Copyright: 2011 (Viking Penguin) 309 pages
Series: #7 in The Walt Longmire Mysteries
Sensuality: some violence
Mystery sub-genre: western police procedural
Main Characters: Sheriff Walt Longmire and arch nemesis, Raynaud Shade
Setting: Big Horn Mountains of Wyoming
Obtained Book Through: Publisher supplied in exchange for honest review
Well, our action packed, rough and tough hero is at it again. Sheriff Longmire and Santo, his deputy, are transporting three prisoners, all murderers facing death row, to a mysterious meeting in the heart of the Big Horn Mountains involving several FBI agents and adjoining county sheriffs. It seems one of the prisoners, Raynaud Shade, a one-eyed Crow-adopted Canadian Indian, is supposed to lead them to the remains of one of his many victims. Years ago he had killed the young boy of a local family named Owen White Buffalo. The remains are unfortunately recovered within Longmire’s jurisdiction, and it’s up to Longmire to assist.
Thus the journey into hell begins. Shade steals the child’s bones, officers are killed, one is severely wounded, and the bad guys (aptly described as “your garden variety psychotic scumbags”) and two accomplices escape and kidnap one agent in the process. Santo must remain behind to help the wounded agent and coordinate the support that’s on its way. A bad snowstorm is also developing so Longmire must start a one-man manhunt. Along his perilous trek he discovers in a supply pack that Santo hurriedly put together for him a book Santo has been reading to “fill in some literary gaps” in his education – Dante’s Inferno. Longmire remembers passages from this book at some of the most synchronistic moments during the manhunt.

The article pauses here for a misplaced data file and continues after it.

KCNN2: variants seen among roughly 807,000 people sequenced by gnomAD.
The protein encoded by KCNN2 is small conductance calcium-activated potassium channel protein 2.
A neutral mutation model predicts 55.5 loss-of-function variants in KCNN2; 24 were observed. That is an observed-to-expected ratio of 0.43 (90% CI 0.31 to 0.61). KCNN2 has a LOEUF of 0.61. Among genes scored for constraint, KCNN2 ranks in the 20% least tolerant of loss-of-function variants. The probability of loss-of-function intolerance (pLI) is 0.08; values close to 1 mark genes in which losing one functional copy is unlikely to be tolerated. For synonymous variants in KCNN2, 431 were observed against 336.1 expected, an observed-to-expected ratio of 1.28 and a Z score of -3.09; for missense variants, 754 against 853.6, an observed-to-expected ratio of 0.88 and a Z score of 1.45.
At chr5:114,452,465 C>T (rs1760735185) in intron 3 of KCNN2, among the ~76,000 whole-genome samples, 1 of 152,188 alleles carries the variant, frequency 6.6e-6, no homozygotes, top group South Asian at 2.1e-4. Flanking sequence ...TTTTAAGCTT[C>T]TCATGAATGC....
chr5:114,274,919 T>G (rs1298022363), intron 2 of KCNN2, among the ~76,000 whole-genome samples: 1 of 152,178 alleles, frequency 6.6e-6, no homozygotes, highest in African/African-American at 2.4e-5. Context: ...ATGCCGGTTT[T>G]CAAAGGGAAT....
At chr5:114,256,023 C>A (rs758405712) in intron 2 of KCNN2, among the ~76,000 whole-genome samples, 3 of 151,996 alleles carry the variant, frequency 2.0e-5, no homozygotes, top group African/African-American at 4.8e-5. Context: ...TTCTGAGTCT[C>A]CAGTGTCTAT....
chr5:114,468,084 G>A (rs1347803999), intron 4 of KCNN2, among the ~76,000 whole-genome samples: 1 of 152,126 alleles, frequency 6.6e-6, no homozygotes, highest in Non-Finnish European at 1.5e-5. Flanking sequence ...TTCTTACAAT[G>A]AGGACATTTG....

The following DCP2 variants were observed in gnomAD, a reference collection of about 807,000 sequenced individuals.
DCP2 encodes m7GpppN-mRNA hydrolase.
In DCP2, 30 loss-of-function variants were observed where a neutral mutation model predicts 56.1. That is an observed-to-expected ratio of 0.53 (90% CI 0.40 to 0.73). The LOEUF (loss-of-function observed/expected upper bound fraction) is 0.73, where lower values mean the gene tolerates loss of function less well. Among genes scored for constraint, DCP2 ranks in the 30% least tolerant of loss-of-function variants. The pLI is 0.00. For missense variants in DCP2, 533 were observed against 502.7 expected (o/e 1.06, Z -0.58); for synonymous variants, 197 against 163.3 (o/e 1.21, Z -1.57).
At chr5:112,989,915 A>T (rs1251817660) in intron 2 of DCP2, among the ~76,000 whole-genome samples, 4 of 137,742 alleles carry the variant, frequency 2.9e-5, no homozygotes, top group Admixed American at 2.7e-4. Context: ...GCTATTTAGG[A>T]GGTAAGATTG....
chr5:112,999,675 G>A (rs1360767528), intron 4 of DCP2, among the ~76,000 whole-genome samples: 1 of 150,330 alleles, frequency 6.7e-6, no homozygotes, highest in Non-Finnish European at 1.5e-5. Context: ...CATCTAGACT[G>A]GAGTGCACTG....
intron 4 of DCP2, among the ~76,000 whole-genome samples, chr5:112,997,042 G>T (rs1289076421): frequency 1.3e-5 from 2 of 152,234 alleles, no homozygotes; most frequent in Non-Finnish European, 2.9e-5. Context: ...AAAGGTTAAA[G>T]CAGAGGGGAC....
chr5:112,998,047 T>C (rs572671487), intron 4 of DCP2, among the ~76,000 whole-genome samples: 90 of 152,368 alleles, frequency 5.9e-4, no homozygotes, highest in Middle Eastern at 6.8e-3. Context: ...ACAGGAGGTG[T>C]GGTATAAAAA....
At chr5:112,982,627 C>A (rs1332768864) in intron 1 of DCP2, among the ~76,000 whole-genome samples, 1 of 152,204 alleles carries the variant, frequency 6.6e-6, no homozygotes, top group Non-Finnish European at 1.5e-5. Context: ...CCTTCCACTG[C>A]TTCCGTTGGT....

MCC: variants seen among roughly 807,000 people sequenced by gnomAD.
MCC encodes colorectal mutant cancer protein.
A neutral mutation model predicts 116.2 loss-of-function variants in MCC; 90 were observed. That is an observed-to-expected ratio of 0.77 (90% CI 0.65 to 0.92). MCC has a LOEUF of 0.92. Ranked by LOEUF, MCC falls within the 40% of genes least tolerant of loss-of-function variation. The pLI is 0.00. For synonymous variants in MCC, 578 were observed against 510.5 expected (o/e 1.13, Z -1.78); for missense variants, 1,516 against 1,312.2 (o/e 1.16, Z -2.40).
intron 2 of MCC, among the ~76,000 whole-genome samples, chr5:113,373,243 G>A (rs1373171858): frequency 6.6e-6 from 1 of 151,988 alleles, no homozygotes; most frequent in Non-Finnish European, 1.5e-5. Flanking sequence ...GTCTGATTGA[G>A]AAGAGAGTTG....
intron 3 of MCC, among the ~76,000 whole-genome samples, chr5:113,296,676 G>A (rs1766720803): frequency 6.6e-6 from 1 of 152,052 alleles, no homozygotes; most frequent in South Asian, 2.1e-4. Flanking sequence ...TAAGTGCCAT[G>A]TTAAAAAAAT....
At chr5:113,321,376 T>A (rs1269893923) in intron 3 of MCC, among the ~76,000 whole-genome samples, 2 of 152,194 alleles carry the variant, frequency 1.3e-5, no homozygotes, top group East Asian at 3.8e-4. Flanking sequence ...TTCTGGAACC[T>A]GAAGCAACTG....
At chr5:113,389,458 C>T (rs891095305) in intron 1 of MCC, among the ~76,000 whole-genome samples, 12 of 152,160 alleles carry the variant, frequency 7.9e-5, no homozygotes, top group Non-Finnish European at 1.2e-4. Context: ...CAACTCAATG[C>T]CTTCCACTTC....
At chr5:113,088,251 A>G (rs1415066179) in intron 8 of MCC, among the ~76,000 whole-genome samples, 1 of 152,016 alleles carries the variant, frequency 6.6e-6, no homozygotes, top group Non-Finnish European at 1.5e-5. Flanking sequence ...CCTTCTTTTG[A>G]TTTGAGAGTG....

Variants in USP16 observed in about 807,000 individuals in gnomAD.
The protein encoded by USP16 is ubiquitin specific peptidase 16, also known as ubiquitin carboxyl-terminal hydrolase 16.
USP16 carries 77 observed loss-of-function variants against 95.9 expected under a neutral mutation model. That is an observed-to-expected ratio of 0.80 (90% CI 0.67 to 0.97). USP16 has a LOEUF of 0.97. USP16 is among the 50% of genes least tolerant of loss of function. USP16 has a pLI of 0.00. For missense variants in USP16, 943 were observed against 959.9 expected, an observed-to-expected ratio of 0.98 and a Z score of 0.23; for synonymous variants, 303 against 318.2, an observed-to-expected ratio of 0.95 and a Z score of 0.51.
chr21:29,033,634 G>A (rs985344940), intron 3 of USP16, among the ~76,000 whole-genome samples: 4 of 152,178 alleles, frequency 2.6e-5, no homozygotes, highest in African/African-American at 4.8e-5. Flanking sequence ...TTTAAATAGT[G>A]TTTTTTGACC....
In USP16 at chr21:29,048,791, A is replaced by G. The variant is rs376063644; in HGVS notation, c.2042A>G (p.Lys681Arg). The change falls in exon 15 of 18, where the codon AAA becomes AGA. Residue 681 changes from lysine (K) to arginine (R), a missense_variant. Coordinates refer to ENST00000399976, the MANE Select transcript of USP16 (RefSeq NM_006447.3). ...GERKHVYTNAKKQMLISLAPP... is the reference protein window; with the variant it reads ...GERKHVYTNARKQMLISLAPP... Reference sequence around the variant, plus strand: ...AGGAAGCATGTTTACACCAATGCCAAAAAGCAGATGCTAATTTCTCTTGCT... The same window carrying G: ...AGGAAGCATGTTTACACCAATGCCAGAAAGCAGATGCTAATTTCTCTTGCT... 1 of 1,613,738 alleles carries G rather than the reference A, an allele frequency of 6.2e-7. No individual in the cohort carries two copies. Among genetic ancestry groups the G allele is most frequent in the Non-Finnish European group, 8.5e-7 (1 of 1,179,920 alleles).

In the process of dealing with the bad guys and the nasty forces of nature, a couple of people assist Longmire. The most noteworthy is Virgil White Buffalo who appears, disappears, and comes to Longmire’s rescue, always in the nick of time. But is he real or mystical? The higher up into the mountains Longmire tracks and deals with the bad guys, the deeper into hell he slides. Old memories and flashbacks also intrude. Dante was guided by Virgil and the Sheriff was well assisted by his own Virgil.
This was a very enjoyable read. The drama of this adventure holds it’s edge throughout the book. The characters, their interplay, and the plot are well inter-woven and consistent. The title and the story are fitting; as the author pointed out, the Bard stated in The Tempest, “Hell is empty and all the devils are here.” It’s a good thing the citizens of Durant and Absaroka County, Wyoming, have Sheriff Longmire and his cohorts to diligently serve and protect them.
FYI, A pilot was filmed in the Southwest called LONGMIRE which is based on Craig’s novels. It will air on A&E and stars Robert Taylor as Sheriff Longmire and Lou Diamond Phillips as Henry Standing Bear.